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Just curious........how much camping does your pack do? You do realize that while it is perfectly fine to do so, it is not the norm. We have some packs that camp more than others, but I believe the majority of our packs take advantage of our district day camps, council cub resident camp (summer) and our council spring (May) and fall (October) weekend camps. Those all come with a camp and program director and camp cooks. Most packs are just not geared up like troops are for frequent camping and they are not broken into patrols where the boys are mature enough to take care of themselves. Many cub parents look at cub camping like a trip to the lake. Time to relax while someone else does the work. I'm not trying to discourage you. Cubs need to be exposed to camping, but I personally believe it needs to be in measured doses. Back when we were in Cubs, we had those who camped and those who wanted nothing to do with it. They were active and supportive families who loved the program, but they had no desire to camp. When crossover time came, you had a pretty good idea who was crossing and who was leaving based on who camped and who didn't. When they move to Boy Scouts, they will be camping 12 months per year for up to 7 years give or take. While you want a Cub familiar with camping, you don't want them burned out by the time they crossover. I believe in our pack, the Webelos had about 5 to 6 camping opportunities per year. The 4 I mentioned above, a Webelos Den campout and maybe a trip with a prospective troop to crossover.

 

 

 

 

All of that being said, it sounds as if you need to take a page from the Boy Scouts and more or less form patrols for the adults. Base it off of their den. Lay down some basic camp rules or meal times, lights out, physical camp boundaries, cooing, KP, latrine cleanup, etc. Make a roster and give everyone a job. Buld the campout around program and keep them busy. A sound argument can be made to the parents about the need for organization and using the campouts to help with advancement requirements. Thos who want a lazy weekend staying up until 3 AM or worse yet.....letting their kids stay up until then, can decide whether they want to go on an organized pack campout or do their own thing at the lake during the summer.

 

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Pack family camping stinks. I really hate it.

 

When I started, it was a small group of about 10 families. All were active and involved with their scouts, None were relaxing around the campfire. It was a good time.

 

The last Pack campout, the unit leaders rented a cabin with a flush toilet and shower, I spent the entire weekend unstopping the plugged up toilet. the someone ripped the bathroom door off the hinges and then broke the flusher on the toilet, we were blamed for a broken window, but it was noted on the inspection sheet when we arrived. cost $150 and a day off of work to repair the damage, a cheapo hollow core door would never hold up so I bought a solid door and a toilet flusher valve kit.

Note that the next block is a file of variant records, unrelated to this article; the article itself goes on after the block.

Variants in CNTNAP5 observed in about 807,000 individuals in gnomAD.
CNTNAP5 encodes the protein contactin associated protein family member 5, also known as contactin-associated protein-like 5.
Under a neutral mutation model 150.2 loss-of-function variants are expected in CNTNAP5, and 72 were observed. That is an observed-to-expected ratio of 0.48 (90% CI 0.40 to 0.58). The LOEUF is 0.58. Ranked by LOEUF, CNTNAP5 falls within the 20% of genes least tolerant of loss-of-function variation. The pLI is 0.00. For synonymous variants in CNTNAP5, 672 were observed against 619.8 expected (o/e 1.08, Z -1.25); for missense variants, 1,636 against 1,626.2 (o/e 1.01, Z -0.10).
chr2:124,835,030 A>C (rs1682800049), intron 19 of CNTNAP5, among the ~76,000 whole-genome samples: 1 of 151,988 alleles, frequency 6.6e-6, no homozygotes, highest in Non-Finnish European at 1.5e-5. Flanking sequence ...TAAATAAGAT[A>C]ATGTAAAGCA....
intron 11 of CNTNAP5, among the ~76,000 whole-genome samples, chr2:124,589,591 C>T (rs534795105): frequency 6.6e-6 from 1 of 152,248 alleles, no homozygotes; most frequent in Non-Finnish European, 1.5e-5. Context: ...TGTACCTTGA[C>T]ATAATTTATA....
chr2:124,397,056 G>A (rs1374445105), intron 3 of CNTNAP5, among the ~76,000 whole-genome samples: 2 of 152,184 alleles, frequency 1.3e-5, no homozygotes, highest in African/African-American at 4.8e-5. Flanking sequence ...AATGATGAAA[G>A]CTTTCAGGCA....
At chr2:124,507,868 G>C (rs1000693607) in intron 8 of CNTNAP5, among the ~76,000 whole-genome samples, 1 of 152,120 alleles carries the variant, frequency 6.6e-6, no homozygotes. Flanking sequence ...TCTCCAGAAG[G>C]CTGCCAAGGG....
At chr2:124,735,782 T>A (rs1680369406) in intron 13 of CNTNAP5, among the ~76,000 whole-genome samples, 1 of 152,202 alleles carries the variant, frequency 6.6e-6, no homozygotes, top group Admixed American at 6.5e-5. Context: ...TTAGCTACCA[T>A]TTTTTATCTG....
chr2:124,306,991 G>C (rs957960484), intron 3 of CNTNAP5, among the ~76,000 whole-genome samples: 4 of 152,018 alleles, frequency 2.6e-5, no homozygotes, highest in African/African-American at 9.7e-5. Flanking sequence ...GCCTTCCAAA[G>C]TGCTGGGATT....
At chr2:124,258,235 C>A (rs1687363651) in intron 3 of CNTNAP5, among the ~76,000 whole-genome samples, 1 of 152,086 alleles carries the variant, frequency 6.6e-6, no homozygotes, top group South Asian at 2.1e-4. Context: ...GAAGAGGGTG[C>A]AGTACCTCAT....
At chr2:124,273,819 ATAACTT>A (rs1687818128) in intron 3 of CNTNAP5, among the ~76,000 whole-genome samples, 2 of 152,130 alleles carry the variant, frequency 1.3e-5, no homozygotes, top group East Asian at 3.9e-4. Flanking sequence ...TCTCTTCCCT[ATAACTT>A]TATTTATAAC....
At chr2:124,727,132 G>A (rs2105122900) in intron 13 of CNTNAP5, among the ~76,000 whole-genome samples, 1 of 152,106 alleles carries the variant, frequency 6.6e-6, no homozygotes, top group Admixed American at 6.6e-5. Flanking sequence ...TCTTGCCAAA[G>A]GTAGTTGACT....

So why didn't the pack leadership do it? No idea. I fixed the stuff because it was the right thing to do......The Pack committee refused to repay me for the cabin repairs during the following pack committee meeting. that and the behavior of the parents on that trip, it will be my last trip with the Pack.

 

 

 

so your not far off with burning out on it. Move on with your scout and don't look back, you have done your time.

That sounds like a nightmare. How are you related to the Pack?

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Just curious........how much camping does your pack do? You do realize that while it is perfectly fine to do so, it is not the norm. We have some packs that camp more than others, but I believe the majority of our packs take advantage of our district day camps, council cub resident camp (summer) and our council spring (May) and fall (October) weekend camps. Those all come with a camp and program director and camp cooks. Most packs are just not geared up like troops are for frequent camping and they are not broken into patrols where the boys are mature enough to take care of themselves. Many cub parents look at cub camping like a trip to the lake. Time to relax while someone else does the work. I'm not trying to discourage you. Cubs need to be exposed to camping, but I personally believe it needs to be in measured doses. Back when we were in Cubs, we had those who camped and those who wanted nothing to do with it. They were active and supportive families who loved the program, but they had no desire to camp. When crossover time came, you had a pretty good idea who was crossing and who was leaving based on who camped and who didn't. When they move to Boy Scouts, they will be camping 12 months per year for up to 7 years give or take. While you want a Cub familiar with camping, you don't want them burned out by the time they crossover. I believe in our pack, the Webelos had about 5 to 6 camping opportunities per year. The 4 I mentioned above, a Webelos Den campout and maybe a trip with a prospective troop to crossover.